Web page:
• Convention Sketchbook – Artists bring their own supplies to cons, so if you’re looking to get a commission piece, you only need to worry about how to pay for it. But if you’ve got a convention sketchbook or are looking to start one, you’ll want to bring it with you. If you’re starting a new convention sketchbook – and with art from any or all of our special guests, you’ll be off to an amazing start, purchase a wire bound sketchbook with pages that can stand up to inks and watercolors. For more info on starting your own convention sketchbook, check out my post on the subject. Again, we ask that you respect our guests’ policies regarding what they’ll draw, what they’ll draw on, pricing, and anything else related to creating artwork.

Getting Here

We strongly recommend that you take public transportation. The Davis Red Line stop is mere steps away from Comicazi and the convention itself. It also spares you from having to plan you day around feeding parking meters, if you can even find an open spot.

If you are going to drive here, allow yourself plenty of time to find a space. We don’t want anyone missing an exciting panel while searching for parking. Most spaces around Davis can take cards, but having quarters on hand just in case is a good idea. You’ll also want to budget a little walking time, just in case the space you find is farther away than you expected.

A Linda Medley rabbit. All of our guests draw plenty of things that aren’t bunnies, we promise.

Above all, prepare for fun!

Our hope is that LadiesCon will be a wonderful day for all our guests, vendors, and attendees. If anything interferes with your enjoyment of LadiesCon, if you have a question, or if you just want to tell someone what a great time you’re having, feel free to speak to one of us or one of our volunteers in the LadiesCon staff shirts. We’re looking forward to seeing a lot of old friends, meeting some new ones, and putting on a great show for all of you!

How To Start a Convention Sketchbook

Groucho Rabbit by Roger Langridge

Groucho Rabbit by Roger Langridge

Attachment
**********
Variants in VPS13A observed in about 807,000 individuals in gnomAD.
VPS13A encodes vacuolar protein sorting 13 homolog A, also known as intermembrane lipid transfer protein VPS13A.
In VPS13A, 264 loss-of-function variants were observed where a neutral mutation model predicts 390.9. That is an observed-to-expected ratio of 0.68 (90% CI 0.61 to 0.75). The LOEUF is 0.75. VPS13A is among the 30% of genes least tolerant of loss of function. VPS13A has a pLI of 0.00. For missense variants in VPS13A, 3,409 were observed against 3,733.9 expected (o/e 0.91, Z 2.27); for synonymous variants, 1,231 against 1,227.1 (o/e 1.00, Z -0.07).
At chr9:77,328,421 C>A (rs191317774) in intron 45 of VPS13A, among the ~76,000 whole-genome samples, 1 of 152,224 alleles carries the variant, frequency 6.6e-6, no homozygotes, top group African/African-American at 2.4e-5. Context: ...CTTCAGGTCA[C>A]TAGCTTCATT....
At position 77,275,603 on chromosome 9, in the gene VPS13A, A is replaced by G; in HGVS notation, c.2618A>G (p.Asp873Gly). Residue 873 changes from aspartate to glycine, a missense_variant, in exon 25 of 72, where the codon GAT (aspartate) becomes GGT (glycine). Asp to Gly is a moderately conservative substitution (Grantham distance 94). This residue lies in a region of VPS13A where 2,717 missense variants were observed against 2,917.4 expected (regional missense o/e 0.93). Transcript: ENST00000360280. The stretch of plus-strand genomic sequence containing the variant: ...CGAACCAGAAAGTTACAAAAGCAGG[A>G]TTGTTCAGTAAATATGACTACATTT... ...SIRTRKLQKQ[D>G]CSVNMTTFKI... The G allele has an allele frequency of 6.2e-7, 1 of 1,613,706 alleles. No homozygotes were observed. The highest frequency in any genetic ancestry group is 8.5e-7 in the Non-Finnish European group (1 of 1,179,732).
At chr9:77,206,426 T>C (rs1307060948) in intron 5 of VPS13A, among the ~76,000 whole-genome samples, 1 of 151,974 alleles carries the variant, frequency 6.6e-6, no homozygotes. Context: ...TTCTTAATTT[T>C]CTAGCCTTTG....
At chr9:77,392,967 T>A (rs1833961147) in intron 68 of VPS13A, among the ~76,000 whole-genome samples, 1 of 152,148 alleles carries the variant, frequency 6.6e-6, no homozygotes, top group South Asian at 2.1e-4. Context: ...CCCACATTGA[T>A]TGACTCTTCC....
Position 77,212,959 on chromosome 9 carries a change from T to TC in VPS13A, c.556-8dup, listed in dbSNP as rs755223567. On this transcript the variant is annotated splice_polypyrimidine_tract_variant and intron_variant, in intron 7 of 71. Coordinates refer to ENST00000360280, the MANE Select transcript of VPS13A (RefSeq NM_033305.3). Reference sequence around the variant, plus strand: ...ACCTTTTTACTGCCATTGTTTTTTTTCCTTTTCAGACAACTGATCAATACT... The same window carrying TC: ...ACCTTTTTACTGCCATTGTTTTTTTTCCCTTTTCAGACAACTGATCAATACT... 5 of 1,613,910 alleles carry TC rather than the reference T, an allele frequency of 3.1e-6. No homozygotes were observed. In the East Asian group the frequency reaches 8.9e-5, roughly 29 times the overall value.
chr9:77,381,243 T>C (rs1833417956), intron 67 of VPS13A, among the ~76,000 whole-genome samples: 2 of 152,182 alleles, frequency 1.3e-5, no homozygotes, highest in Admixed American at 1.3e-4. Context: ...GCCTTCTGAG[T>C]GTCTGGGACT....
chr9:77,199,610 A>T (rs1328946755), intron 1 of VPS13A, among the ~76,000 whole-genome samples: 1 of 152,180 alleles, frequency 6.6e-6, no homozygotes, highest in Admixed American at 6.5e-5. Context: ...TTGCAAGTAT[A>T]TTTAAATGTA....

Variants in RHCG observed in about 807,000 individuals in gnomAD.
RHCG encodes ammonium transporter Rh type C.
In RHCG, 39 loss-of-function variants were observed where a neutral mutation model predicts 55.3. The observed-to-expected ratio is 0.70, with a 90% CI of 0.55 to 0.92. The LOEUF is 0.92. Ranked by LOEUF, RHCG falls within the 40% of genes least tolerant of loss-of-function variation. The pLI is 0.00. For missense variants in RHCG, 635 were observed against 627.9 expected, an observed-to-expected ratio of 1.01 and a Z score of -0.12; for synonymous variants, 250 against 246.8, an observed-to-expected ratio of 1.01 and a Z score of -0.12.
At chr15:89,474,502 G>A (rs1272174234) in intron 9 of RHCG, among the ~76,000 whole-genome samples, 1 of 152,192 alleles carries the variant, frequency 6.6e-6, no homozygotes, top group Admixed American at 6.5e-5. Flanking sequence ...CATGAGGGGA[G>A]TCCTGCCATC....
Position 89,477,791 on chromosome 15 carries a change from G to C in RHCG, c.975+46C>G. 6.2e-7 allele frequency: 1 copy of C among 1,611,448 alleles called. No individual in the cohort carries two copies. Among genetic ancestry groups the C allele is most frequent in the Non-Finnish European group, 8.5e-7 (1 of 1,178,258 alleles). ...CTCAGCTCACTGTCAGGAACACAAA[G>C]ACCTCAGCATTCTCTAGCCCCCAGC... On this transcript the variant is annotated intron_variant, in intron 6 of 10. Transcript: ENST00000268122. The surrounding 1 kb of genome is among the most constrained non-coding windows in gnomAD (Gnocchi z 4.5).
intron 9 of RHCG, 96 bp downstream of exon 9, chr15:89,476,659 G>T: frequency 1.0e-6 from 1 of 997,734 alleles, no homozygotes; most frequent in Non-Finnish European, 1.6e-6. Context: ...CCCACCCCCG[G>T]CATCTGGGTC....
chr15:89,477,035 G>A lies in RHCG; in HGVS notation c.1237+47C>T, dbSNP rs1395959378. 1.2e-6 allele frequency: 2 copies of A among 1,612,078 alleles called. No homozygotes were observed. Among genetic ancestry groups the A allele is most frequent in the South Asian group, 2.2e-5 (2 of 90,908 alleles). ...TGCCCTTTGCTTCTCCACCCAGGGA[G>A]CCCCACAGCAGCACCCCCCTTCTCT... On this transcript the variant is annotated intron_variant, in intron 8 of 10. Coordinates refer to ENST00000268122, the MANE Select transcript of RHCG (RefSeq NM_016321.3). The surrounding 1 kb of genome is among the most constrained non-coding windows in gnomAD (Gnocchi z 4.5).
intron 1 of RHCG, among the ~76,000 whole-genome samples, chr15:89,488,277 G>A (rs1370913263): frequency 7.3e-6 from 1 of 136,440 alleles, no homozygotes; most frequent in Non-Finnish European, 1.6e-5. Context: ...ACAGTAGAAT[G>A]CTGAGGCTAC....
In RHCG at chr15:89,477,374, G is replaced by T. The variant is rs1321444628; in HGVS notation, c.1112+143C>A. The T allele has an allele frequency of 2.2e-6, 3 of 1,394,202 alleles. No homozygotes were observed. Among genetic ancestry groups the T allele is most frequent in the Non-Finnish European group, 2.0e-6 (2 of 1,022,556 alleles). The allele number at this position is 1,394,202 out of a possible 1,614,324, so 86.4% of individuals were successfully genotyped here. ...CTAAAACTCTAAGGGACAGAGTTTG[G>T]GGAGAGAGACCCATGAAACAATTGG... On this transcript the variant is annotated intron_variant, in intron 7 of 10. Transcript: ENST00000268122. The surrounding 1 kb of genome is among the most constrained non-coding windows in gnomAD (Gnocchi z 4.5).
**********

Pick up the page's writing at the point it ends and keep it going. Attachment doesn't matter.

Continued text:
Boston Comic Con has come and gone for the year but comic conventions continue to happen all over the country just about year round. Whether you’re a frequent con-goer or you only visit one convention a year, you may be in the market for a souvenir of your time spent at comic cons near and far. If you are, then it’s high time you started a convention sketchbook. A convention sketchbook is convenient, inexpensive, and a great memento of your encounters with famous artists.

Benefits of a Convention Sketchbook

It’s cheap. Though getting the sketches you want can end up costing you (more on that later), the initial cost of starting a convention sketchbook is very low. All you really need is the sketchbook, which isn’t going to cost you much.

It’s portable. Bringing a few issues of comics for your favorite writers or artists to sign is easy. But when you want autographs from several creators in hardcover¬†editions of their works, you’re going to be toting around a heavy load in what is usually a very crowded space. A convention sketchbook allows you to get souvenirs from many artists all in one small, easy to carry book.

It’s unique. It’s highly unlikely that anyone else will ever have a convention sketchbook exactly like yours. It can serve as a journal of your trips, of artist’s changing styles, and even of your personal tastes in comics.